Project Title

“Who I Was Is Not Who I Am”: A Qualitative Study of Effects of Voice Loss on Professional Voice Users

Authors' Affiliations

Leticia Pizzino, Department of Communication and Performance, East Tennessee State University, Johnson City, TN

Faculty Sponsor’s Department

Communication & Performance

Name of Project's Faculty Sponsor

Dr. Amber Kinser

Type

Oral Competitive

Classification of First Author

Graduate Student-Master’s

Project's Category

Arts and Humanities and Social Sciences

Abstract Text

Storytelling is recognized as an important skill in many fields including, but not limited to communication, education, and business. A professional storyteller is dependent on their voice, which is their biomedically imbedded work tool. This study, guided by research questions, examines the effects of voice loss on professional voice users. Employing a qualitative method, using one-one-one interviews and a focus group, this study investigates the experiences of a singer/actor, a singer/storyteller, a storyteller/public speaker, a teacher/storyteller, and an administrator to examine impacts of their varying degrees of voice loss on their quality of life. Findings indicate that vocal dysfunction, or dysphonia, had the following impacts for storytellers and professional voice users. First, it impaired their ability to work. Participants experienced from limited to complete inability to perform their job. This suggests that professional vocal performers are at risk for economic distress if they lose full use of their voice. Second, dysphonia created emotional distress. The implications of voice loss for those who heavily rely on their voices for work, include reduced quality of life. Finally, dysphonia impacted identity. Specifically, the participants described the challenge of losing their defined role as speaker or singer and having to let go of their former identity. This suggests that when voice professionals experience voice loss, they may be faced with relinquishing their identity and seeking a new one. The author makes suggestions for future research on voice loss for specific groups of professional voice users, such as storytellers, singers, teachers, actors, and others. These individuals may use this knowledge to better negotiate challenges of vocal dysfunction if it occurs. Understanding the relationship of a vocal professional and their voice will enable healthcare providers and other professionals to better provide care and support.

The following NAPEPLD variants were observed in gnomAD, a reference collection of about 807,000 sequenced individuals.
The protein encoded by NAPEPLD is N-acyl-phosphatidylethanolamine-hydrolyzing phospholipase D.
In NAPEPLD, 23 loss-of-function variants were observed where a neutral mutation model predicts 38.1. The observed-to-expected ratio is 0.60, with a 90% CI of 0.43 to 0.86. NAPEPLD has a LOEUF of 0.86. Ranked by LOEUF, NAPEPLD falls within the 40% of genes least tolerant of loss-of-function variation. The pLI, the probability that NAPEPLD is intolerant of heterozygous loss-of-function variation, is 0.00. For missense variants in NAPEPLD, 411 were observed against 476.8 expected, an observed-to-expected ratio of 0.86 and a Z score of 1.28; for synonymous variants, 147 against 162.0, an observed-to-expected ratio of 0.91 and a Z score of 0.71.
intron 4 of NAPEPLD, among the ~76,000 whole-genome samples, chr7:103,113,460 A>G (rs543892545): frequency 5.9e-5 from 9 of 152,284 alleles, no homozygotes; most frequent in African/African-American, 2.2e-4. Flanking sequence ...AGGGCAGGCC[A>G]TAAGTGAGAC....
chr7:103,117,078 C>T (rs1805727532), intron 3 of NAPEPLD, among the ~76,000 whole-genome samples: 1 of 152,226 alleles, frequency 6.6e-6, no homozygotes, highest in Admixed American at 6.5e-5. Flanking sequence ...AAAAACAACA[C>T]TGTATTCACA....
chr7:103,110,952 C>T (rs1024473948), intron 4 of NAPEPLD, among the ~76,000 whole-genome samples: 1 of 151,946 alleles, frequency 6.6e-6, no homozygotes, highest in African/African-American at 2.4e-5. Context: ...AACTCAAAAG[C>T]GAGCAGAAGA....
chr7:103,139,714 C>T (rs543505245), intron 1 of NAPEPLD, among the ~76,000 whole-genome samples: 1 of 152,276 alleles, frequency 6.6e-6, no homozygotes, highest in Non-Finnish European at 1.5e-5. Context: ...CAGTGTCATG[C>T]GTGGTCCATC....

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“Who I Was Is Not Who I Am”: A Qualitative Study of Effects of Voice Loss on Professional Voice Users

Storytelling is recognized as an important skill in many fields including, but not limited to communication, education, and business. A professional storyteller is dependent on their voice, which is their biomedically imbedded work tool. This study, guided by research questions, examines the effects of voice loss on professional voice users. Employing a qualitative method, using one-one-one interviews and a focus group, this study investigates the experiences of a singer/actor, a singer/storyteller, a storyteller/public speaker, a teacher/storyteller, and an administrator to examine impacts of their varying degrees of voice loss on their quality of life. Findings indicate that vocal dysfunction, or dysphonia, had the following impacts for storytellers and professional voice users. First, it impaired their ability to work. Participants experienced from limited to complete inability to perform their job. This suggests that professional vocal performers are at risk for economic distress if they lose full use of their voice. Second, dysphonia created emotional distress. The implications of voice loss for those who heavily rely on their voices for work, include reduced quality of life. Finally, dysphonia impacted identity. Specifically, the participants described the challenge of losing their defined role as speaker or singer and having to let go of their former identity. This suggests that when voice professionals experience voice loss, they may be faced with relinquishing their identity and seeking a new one. The author makes suggestions for future research on voice loss for specific groups of professional voice users, such as storytellers, singers, teachers, actors, and others. These individuals may use this knowledge to better negotiate challenges of vocal dysfunction if it occurs. Understanding the relationship of a vocal professional and their voice will enable healthcare providers and other professionals to better provide care and support.